For the sake of brevity, I have omitted source notes from this article, but I can provide documentation on request; and I am always glad to correct errors in my research and to learn more about Seneca’s family.
Contributed by J. Mitchell at firstname.lastname@example.org
After my short history of the Russell family in Whiteside County was posted, several people sent me more information; and I can now add the following information.
The matriarch of the Russell family in Whiteside was Tabitha (Rodgers) Russell, whom Seneca Russell married in Delaware County , Ohio . I still do not know her father’s first name or either of her mother’s names. Seneca predeceased her; he died slowly of tuberculosis. She held onto their farm in Montmorency Township for a couple years and then gave it up. Her son-in-law Orange Brittell apparently helped with the final sale of her farm which was heavily mortgaged. The last records about Tabitha's are from Antelope County , Nebraska , where she probably died. In an affidavit filed in 1890 to support Tabitha’s application for a mother's pension, Orange Brittell noted that she had "lived around with her other children" and that "she is now living with her youngest son in this county." Orange made his affidavit in Antelope County , Nebraska . Orange's wife was Elizabeth (Russell) Brittell, Tabitha's daughter.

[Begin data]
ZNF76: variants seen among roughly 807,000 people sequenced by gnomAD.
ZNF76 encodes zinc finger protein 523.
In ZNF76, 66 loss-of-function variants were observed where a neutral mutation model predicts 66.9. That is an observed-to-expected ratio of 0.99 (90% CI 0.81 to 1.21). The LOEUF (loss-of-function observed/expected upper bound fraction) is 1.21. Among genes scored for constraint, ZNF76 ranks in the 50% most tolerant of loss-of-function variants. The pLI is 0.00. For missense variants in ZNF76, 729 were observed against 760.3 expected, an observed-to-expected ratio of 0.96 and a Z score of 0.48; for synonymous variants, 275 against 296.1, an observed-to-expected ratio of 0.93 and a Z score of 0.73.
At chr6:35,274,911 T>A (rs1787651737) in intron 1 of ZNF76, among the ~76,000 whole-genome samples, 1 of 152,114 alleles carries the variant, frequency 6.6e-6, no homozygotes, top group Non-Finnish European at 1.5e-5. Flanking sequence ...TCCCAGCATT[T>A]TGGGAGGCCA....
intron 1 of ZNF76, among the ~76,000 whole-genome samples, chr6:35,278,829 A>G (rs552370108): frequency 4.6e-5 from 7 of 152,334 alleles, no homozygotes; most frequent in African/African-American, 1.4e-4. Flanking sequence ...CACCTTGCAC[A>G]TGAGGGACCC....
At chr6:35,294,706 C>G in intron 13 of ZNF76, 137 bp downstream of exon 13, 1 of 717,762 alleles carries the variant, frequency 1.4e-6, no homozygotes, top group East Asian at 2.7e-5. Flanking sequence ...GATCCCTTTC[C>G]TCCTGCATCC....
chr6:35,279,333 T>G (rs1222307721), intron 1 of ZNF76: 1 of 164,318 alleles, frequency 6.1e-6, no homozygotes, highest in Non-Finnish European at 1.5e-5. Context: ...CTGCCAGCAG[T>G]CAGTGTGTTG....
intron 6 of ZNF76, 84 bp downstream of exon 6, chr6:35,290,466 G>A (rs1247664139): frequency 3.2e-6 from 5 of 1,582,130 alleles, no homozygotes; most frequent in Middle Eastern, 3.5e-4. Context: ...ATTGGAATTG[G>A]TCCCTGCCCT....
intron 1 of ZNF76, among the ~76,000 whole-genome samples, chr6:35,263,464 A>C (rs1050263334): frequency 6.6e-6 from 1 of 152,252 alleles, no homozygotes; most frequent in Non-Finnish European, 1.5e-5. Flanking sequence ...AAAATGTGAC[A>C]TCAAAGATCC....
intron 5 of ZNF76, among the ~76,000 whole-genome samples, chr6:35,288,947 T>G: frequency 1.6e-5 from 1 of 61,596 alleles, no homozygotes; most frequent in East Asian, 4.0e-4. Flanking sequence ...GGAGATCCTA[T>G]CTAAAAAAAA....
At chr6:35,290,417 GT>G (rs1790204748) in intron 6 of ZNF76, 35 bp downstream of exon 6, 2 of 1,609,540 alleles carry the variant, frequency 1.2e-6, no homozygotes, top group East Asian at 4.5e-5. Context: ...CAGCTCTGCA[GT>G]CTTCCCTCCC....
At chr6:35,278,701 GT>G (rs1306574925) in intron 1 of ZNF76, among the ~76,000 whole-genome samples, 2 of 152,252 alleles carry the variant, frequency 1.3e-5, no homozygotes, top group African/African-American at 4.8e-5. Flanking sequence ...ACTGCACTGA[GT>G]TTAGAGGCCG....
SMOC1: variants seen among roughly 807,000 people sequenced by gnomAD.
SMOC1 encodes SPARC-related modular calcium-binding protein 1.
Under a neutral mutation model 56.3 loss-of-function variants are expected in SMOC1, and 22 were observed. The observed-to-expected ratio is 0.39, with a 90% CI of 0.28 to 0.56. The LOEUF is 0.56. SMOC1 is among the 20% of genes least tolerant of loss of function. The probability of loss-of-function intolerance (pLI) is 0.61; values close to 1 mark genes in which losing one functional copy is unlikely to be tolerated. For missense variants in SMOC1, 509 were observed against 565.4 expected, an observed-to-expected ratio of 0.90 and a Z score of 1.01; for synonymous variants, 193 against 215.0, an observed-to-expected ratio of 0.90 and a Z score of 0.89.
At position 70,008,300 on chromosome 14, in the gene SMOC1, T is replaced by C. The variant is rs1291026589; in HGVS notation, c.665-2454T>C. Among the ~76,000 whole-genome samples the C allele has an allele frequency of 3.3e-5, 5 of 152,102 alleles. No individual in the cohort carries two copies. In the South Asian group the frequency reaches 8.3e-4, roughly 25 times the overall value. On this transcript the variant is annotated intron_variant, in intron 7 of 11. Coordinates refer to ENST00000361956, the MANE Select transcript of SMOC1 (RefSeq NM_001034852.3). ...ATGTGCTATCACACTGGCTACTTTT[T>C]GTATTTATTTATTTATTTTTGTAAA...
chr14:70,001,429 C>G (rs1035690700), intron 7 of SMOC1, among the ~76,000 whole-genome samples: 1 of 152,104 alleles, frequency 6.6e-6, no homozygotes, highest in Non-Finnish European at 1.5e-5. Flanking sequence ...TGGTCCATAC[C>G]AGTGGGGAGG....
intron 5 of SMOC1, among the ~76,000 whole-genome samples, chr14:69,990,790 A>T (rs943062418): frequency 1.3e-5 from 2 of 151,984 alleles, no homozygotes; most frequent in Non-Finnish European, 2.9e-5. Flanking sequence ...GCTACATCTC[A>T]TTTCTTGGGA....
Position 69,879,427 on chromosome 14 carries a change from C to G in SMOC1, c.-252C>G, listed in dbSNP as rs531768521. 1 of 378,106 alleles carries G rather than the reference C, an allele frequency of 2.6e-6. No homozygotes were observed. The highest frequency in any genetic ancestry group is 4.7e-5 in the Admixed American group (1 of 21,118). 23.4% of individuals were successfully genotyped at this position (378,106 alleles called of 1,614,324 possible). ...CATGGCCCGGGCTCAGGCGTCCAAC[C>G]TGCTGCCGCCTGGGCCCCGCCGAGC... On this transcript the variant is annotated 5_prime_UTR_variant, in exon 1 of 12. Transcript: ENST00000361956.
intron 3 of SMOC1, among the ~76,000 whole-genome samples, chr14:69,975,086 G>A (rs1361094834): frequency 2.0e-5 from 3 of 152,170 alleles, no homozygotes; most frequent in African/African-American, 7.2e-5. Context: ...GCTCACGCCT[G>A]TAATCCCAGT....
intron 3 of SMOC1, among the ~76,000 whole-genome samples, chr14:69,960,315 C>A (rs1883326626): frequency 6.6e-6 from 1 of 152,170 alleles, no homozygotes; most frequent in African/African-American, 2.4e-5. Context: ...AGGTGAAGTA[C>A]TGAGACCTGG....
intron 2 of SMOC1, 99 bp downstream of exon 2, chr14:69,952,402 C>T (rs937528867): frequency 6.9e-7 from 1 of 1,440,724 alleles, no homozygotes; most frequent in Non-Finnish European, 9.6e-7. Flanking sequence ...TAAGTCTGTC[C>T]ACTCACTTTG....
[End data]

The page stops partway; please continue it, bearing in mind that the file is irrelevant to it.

Seneca and Tabitha’s son George Russell joined the Union Army and died soon after his discharge. On May 24, 1861, in Dixon, Illinois, George Russell, a single man, a farmer, residing in Como, Whiteside County, Illinois, joined the Union Army as a private in Company B of the 13 Illinois U.S. Infantry. He was 21years old, 5 feet 8 inches tall, with grey eyes, "light" complexion and red hair. He had been born in Woodbury in Delaware County , Ohio . His term of enlistment was three years. He was discharged "ON SURG CERT OF DISABILITY 7 SEP 1863 AT BOOMA [error] MISS BY ORDER GEN SHERMAN " (). A document from the War Department in the pension file created when George's mother applied for a mother's pension reported that George was discharged on September 4, 1863, at BOVINA, Mississippi . Bovina is written very clearly. Copies of Tabitha Russell's pension requests, now in the National Archives, report that George died from chronic diarrhea on November 20, 1863, in Como , Illinois "at home." He never married according to these records. I do not know where he was buried.